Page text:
15. In view of the decisions of the Supreme Court referred to above it is clear that even if the educational institution is considered to be a public body, no writ or direction can be issued so long as the private institution is not governed by statutory rules and there is no question of any enforcement of statutory rules. However, as against a Government servant, who is functioning under administrative orders or administrative instructions, a writ can issue if there is violation of principles of natural justice or if the administrative instructions, which are binding on him have not been followed by him. The High Court, in exercise of its jurisdiction under Article. 226 of the Constitution, can always direct a public servant to abide by the rule of law and the administrative instructions binding on him are part of the rules of law. It is only to the limited extent that the High Court can exercise its writ jurisdiction under Article. 226 of the Constitution in matters of this kind. We are constrained to hold, in view of the decisions of the Supreme Court referred to above that even on the basis of the distinction between a statutory body and a public body, that a private institution, like the second respondent, registered under the Co-operative Societies Act or the Companies Act or Non-Trading Societies Registration Act, is a public body, it is not open to the High Court to issue a writ or direction against such a body for breach of any administrative or executive instructions.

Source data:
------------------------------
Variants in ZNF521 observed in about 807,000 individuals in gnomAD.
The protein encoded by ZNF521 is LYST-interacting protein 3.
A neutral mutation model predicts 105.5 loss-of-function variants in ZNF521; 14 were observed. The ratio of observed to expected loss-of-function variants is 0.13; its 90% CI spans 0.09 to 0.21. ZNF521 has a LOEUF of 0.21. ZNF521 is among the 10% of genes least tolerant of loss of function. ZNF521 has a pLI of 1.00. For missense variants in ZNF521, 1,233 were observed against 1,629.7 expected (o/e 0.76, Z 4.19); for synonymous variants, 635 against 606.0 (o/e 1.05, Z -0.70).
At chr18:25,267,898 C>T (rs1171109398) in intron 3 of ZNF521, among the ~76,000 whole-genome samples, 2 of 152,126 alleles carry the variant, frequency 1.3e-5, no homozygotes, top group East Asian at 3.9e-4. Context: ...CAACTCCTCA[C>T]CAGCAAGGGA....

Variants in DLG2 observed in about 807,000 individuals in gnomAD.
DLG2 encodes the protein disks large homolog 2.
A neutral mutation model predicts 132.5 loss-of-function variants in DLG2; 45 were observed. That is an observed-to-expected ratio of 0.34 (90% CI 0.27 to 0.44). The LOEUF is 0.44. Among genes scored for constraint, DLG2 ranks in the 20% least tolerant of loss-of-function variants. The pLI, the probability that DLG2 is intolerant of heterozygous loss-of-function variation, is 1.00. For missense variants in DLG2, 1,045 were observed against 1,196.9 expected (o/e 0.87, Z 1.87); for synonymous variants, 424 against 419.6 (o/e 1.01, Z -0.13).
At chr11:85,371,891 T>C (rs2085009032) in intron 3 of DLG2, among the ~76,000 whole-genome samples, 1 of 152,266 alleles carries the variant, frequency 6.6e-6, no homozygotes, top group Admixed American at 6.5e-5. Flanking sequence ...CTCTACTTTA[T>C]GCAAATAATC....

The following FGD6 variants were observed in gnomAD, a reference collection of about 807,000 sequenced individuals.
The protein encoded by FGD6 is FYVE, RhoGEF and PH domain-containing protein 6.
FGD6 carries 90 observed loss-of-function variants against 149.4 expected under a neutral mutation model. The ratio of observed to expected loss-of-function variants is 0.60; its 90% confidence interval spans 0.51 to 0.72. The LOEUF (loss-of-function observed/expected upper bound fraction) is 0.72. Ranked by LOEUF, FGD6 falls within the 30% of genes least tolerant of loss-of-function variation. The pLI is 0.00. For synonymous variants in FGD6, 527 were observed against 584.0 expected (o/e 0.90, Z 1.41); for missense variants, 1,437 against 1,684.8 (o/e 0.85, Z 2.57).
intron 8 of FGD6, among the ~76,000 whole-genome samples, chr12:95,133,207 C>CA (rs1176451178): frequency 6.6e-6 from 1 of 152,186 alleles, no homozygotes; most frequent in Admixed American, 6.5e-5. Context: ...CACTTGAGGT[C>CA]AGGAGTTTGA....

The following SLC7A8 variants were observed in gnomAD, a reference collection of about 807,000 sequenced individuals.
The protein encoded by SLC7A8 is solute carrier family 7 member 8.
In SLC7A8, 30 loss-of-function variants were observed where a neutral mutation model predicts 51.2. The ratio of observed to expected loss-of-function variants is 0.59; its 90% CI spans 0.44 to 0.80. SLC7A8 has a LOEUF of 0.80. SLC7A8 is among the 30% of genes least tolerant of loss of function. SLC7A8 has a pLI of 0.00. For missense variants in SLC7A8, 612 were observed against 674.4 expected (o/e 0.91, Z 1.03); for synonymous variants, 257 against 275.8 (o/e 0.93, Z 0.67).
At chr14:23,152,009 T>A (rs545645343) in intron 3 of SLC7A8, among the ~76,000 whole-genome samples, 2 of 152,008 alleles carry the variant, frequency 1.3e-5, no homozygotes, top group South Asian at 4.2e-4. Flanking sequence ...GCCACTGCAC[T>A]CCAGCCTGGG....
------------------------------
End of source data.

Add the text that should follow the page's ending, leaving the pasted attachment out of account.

16. In view of these conclusions, it follows that the writ petition must be dismissed, since there is no breach of any administrative instructions committed by the first respondent, and the second respondent is not amenable to the writ jurisdiction of this High Court.
17. The writ petition is accordingly dismissed. There will be no order as to costs. Advocate's fee Rs. 150.